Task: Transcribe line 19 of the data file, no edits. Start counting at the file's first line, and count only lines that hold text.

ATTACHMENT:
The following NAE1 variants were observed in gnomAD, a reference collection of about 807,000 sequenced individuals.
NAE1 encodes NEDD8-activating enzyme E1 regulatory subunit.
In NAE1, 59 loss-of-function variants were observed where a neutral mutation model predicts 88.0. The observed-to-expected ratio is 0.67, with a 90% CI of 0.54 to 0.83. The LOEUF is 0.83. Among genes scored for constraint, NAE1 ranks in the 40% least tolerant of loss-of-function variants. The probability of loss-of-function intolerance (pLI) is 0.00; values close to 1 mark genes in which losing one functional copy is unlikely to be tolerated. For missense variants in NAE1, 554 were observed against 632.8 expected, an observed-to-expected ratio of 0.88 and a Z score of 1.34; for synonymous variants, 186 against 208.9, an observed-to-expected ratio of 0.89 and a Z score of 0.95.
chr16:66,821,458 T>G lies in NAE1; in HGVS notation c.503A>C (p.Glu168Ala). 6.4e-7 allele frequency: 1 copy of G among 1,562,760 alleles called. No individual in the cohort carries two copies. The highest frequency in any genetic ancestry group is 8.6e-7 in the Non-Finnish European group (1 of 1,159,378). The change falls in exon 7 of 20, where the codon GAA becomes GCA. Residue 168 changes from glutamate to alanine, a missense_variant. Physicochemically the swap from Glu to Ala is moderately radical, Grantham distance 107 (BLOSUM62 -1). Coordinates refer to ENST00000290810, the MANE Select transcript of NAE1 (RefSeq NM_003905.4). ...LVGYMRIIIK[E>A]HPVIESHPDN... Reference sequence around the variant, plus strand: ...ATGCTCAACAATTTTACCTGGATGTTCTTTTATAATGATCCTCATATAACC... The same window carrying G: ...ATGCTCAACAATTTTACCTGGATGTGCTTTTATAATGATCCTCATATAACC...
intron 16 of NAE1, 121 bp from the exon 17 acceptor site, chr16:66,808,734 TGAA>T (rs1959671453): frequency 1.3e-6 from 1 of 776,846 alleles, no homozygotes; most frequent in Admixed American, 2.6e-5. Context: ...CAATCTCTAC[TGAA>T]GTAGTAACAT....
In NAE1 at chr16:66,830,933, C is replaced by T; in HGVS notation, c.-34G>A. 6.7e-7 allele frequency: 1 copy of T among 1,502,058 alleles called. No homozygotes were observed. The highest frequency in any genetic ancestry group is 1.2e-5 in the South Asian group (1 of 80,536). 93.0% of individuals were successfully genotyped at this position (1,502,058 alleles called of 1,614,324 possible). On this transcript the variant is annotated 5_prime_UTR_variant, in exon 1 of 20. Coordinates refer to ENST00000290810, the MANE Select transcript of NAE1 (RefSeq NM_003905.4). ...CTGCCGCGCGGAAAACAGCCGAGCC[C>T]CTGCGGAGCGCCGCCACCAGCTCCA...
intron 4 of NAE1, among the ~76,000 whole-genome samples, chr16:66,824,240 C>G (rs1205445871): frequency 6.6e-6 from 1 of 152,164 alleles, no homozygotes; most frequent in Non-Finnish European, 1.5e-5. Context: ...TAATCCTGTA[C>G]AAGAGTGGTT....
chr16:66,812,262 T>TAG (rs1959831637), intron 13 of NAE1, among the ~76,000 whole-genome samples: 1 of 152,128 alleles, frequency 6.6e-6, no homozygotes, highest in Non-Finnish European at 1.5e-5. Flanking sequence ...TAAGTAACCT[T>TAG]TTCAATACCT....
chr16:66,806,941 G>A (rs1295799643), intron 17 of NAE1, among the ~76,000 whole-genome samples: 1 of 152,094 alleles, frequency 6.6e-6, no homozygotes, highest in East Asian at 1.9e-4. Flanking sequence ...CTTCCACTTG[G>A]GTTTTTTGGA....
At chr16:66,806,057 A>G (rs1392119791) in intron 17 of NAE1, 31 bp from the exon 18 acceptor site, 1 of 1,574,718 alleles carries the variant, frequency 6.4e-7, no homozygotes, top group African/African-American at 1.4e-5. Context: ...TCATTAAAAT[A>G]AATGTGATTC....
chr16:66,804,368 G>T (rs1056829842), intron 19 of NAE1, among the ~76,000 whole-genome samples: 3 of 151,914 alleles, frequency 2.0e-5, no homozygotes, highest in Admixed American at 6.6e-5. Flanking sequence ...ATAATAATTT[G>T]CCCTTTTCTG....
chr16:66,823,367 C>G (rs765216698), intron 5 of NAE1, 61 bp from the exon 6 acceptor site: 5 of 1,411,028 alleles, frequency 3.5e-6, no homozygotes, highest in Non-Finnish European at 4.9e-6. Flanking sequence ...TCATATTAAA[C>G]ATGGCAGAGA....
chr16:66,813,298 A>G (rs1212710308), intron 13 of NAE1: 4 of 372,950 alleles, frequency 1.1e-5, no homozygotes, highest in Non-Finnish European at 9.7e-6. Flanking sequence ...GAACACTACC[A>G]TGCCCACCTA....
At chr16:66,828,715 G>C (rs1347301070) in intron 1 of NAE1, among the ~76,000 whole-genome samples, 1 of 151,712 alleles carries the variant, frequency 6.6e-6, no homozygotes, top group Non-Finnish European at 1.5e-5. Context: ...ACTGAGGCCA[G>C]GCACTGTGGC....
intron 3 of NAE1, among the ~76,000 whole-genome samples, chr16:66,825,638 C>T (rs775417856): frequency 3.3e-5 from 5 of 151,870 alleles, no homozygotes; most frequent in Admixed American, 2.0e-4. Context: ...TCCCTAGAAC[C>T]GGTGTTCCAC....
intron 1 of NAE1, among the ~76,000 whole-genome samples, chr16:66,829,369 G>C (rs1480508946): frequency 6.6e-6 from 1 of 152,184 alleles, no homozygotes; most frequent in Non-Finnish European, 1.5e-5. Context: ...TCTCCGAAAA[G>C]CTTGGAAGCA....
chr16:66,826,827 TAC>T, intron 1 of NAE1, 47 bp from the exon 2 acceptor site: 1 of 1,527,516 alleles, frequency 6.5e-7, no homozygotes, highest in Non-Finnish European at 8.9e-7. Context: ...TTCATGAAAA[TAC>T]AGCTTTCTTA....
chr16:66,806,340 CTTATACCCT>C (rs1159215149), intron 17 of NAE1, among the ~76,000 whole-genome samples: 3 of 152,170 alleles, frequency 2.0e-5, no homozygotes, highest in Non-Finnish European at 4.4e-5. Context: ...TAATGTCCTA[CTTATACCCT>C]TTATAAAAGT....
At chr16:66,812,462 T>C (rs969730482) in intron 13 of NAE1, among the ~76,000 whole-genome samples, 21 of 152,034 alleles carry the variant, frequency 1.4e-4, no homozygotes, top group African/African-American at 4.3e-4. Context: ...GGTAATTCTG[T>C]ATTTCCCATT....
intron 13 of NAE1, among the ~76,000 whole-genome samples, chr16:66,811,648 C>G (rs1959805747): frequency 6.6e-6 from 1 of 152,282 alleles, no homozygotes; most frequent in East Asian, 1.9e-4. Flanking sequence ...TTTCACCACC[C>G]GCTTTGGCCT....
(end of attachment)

At chr16:66,812,462 T>C (rs969730482) in intron 13 of NAE1, among the ~76,000 whole-genome samples, 21 of 152,034 alleles carry the variant, frequency 1.4e-4, no homozygotes, top group African/African-American at 4.3e-4. Context: ...GGTAATTCTG[T>C]ATTTCCCATT....